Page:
Moody's Mood for Love

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For the James Moody album, see Moody's Mood for Love (album).
"Moody's Mood for Love"
American Jazz Standard by James Moody
Writer(s) Eddie Jefferson
Composer(s) James Moody

"Moody's Mood for Love" is a 1952 song by Eddie Jefferson, whose melody is derived from an improvised solo by jazz saxophonist James Moody on a 1949 recording of the 1935 song "I'm in the Mood for Love".[1] It gained widespread popularity after being recorded in 1954 by singer King Pleasure. It has since been covered by many artists. Moody himself adopted the song as his own, recording it with Jefferson on the 1956 album Moody's Mood for Love and often singing the song himself in concert.


James Moody created his improvised solo in 1949 on a visit to Sweden. Moody’s version clearly shows the influence of Charlie Parker.[2] In 1952, jazz singer Eddie Jefferson wrote lyrics to this improvisation by Moody, a practice known as vocalese.[3] This particular arrangement of the song did not come to be known by its now common title of "Moody's Mood for Love" until King Pleasure released a very popular vocal version in 1954.[4] Following King Pleasure's successful hit version of "Moody's Mood for Love", Jimmy McHugh, who wrote the music for "I'm in the Mood for Love", sued for copyright infringement and won a partial victory in court. He and Moody eventually agreed to share the proceeds on sales of any versions of the tune.[5] King Pleasure's version included vocals by Blossom Dearie as well as instrumental contributions from Teacho and Band.

The lyrics are often incorrectly attributed to King Pleasure because he was the first to record it. However, some sources report that when Pleasure was asked to write more lyrics to solos he confessed that he had not written this one. He had heard Jefferson perform it in a jazz club some years before and asked permission to reproduce it. James Moody later hired Jefferson to come on the road with him. Jefferson also appears on several recordings with Moody.


Although "Moody's Mood for Love" was not the first vocalese song, it helped bring that music form to a much wider audience. Most notably, it helped start the career of vocalese pioneer Jon Hendricks. Hendricks was sitting in a café when the King Pleasure recording of "Moody’s Mood" came on the jukebox. According to Hendricks, he had been writing “unpopular” songs for some time, but when he heard the recording and realized that it was a saxophone solo with words he decided to change his approach to songwriting. “I didn’t have to stop at 32 bars. Now I could write lyrics for all the parts in the orchestra.” He went on to collaborate with the singer and arranger Dave Lambert and the singer Annie Ross to form the group Lambert, Hendricks & Ross. The group multi-tracked their voices and recorded the album Sing a Song of Basie in which they sang lyrics by Hendricks to the full arrangements of the Count Basie Orchestra (Ross singing all the trumpet parts, Hendricks singing the saxophone parts and Lambert singing the trombone parts). With the exception of a small rhythm section, all 13 horn parts were reproduced by the three voices dubbed over.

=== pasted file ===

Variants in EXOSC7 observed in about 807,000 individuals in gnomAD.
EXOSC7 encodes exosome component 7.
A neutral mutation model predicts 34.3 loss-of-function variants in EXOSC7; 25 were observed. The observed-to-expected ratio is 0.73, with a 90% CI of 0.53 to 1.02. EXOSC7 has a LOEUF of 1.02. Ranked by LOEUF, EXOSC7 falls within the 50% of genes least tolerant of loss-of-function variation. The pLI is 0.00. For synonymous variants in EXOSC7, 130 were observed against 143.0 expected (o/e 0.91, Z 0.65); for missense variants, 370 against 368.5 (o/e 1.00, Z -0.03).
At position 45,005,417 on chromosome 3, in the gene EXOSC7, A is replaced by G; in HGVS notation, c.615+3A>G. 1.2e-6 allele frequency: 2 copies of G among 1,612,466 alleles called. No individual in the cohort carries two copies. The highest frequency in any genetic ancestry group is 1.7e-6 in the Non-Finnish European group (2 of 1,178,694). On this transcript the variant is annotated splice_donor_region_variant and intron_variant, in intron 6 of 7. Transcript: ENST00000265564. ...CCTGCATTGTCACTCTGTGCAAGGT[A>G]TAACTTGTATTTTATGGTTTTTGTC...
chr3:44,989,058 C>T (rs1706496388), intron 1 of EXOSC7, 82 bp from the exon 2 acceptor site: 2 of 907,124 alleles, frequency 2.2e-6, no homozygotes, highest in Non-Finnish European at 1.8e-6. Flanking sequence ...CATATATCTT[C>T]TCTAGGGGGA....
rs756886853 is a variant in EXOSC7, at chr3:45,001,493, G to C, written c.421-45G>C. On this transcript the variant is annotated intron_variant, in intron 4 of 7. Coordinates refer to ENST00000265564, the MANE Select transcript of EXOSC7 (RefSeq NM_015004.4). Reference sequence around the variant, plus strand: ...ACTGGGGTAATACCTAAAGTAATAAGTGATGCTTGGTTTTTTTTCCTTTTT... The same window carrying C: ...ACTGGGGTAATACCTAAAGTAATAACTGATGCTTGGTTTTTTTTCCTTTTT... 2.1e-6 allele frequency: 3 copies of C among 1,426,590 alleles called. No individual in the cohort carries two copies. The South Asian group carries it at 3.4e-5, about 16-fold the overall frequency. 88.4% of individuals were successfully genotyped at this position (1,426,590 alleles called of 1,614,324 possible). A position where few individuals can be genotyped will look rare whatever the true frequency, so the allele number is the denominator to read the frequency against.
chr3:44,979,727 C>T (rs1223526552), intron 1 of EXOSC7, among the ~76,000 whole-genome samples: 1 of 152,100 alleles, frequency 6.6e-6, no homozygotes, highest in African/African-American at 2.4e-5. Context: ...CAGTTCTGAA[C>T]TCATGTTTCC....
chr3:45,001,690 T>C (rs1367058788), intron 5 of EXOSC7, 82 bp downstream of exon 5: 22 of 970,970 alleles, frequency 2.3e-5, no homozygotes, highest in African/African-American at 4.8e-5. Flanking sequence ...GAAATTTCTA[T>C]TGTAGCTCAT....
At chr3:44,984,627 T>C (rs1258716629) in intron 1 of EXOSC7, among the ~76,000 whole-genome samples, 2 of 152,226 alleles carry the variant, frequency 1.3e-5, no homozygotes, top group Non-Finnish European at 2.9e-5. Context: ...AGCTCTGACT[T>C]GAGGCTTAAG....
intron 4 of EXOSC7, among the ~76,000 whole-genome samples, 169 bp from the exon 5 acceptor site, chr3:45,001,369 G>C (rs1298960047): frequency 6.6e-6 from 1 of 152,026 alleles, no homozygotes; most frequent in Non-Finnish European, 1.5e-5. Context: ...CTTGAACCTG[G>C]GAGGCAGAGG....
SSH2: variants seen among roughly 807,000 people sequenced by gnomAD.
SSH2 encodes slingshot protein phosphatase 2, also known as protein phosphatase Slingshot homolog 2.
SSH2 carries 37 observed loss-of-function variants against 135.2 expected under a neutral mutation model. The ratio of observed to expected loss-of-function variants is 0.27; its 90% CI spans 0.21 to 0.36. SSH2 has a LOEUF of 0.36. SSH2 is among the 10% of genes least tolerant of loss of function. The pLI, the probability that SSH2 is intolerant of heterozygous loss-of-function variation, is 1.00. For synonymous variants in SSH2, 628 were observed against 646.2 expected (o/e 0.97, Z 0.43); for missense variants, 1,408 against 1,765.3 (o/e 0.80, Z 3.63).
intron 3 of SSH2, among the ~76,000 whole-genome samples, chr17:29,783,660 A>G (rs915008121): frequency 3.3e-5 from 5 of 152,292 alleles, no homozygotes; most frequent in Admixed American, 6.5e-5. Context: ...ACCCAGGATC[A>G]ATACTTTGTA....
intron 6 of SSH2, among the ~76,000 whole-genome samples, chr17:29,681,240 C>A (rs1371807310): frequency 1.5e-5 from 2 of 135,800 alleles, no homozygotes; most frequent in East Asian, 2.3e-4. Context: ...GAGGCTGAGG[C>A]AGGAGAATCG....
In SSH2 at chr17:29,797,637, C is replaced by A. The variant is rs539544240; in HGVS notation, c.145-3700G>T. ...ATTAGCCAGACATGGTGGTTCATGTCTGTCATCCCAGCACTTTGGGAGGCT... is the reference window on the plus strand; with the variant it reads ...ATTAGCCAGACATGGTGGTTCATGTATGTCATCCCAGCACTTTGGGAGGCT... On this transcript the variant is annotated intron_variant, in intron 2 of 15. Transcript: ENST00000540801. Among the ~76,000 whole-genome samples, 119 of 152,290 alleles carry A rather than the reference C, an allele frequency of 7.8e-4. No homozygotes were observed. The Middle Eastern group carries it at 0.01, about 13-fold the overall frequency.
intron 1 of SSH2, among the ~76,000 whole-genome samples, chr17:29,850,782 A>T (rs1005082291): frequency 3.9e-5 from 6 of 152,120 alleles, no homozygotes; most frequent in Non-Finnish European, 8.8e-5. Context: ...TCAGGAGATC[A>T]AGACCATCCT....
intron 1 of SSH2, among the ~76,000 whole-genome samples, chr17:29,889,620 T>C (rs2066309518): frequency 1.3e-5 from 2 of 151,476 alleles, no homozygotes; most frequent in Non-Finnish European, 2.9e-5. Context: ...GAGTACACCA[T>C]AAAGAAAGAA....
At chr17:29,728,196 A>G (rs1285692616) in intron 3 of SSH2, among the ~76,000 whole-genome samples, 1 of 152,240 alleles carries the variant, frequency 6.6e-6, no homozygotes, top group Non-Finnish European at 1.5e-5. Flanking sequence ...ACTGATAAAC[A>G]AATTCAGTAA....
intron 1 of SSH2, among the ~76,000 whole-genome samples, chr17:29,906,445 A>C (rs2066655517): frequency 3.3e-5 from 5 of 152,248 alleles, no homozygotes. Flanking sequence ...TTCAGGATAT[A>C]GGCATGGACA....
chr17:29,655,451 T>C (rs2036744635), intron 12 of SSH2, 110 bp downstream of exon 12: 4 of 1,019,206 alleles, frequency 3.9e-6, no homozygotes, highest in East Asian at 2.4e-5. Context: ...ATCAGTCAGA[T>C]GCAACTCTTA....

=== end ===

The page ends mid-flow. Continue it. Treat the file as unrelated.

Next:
In the 70's the NYC market came to know the King Pleasure recording as the signature sign-off for Urban contemporary DJ Frankie Crocker, each night He closed out his show on WBLS-FM at 7:58 to the tune.

Cover versions[edit]

Artists who have recorded the song include:

In 2006, American Idol contestant Elliott Yamin performed the song. His version appears on the album American Idol Season 5: Encores. This version just missed the Billboard Hot 100, peaking at number one on Billboard's Bubbling Under Hot 100 Singles chart.

Other artists who released renditions of the song include George Benson, Tito Puente, Andrea Motis, Kermit Ruffins, The Guess Who and Georgie Fame. The Tony Award-winning musical Jersey Boys featured the song. The song also has been featured on an episode of The Cosby Show, as well as in an early 1990s Gap television commercial.


Hip hop artist Prince Paul sampled the song as the basis for the track "Mood for Love" on his album A Prince Among Thieves (1999).[9]


  1. ^ Luebbert, David. "I'm In The Mood For Love". SongTrellis. Retrieved 2009-04-03. 
  2. ^ Tyle, Chris. "I'm in the Mood for Love (1935)". Retrieved 2009-04-03. 
  3. ^ Kurtz, Alan. "King Pleasure: Moody's Mood For Love (aka I'm In The Mood For Love)". Retrieved 2009-04-03. 
  4. ^ "James Moody Biography". The Musicians Guide. Retrieved 2009-04-03. 
  5. ^ Milkowski, Bill (March 2004). "James Moody: Playing with the Changes". JazzTimes. Retrieved 2009-04-03. 
  6. ^ "Moody's Mood For Love - Take Six, Brian McKnight and Patti Austin". Retrieved 2010-11-19. 
  7. ^ "Rising Sun overview". 
  8. ^ "E-Card Najee". Heads Up International. 
  9. ^ Smith, Dinitia (April 12, 1999). Guiding Hip-Hop Toward Operatic Leaps; Prince Paul Imagines a Movie as He Makes Rap Relevant for the Suburbs. The New York Times. Retrieved on 2010-08-25.


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